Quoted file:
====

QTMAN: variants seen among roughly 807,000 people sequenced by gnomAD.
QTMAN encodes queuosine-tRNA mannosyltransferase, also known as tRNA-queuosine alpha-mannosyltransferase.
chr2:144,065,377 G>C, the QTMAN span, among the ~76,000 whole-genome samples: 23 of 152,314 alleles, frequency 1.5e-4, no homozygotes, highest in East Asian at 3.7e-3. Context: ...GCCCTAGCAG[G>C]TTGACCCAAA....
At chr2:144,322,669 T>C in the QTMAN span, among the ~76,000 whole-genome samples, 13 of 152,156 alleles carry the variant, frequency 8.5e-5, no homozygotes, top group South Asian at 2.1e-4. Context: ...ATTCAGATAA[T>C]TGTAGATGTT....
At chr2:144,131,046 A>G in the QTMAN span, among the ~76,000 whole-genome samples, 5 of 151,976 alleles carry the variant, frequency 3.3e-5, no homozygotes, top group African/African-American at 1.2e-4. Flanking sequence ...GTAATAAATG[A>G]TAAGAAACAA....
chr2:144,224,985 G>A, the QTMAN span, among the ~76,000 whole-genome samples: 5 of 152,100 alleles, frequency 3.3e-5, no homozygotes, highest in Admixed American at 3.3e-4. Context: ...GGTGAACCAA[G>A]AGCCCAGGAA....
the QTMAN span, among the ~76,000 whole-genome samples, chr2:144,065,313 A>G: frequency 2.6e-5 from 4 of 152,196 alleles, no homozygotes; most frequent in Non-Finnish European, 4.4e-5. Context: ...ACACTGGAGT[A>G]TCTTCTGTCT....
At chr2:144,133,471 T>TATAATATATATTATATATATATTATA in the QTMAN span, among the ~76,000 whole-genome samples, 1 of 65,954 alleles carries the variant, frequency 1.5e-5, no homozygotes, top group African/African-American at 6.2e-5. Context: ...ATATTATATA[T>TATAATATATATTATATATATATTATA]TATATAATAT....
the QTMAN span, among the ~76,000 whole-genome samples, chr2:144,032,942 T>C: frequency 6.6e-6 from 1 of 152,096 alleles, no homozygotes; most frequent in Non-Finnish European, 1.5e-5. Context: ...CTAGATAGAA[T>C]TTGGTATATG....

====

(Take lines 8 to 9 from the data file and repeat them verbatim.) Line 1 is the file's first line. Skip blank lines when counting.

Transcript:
At chr2:144,133,471 T>TATAATATATATTATATATATATTATA in the QTMAN span, among the ~76,000 whole-genome samples, 1 of 65,954 alleles carries the variant, frequency 1.5e-5, no homozygotes, top group African/African-American at 6.2e-5. Context: ...ATATTATATA[T>TATAATATATATTATATATATATTATA]TATATAATAT....
the QTMAN span, among the ~76,000 whole-genome samples, chr2:144,032,942 T>C: frequency 6.6e-6 from 1 of 152,096 alleles, no homozygotes; most frequent in Non-Finnish European, 1.5e-5. Context: ...CTAGATAGAA[T>C]TTGGTATATG....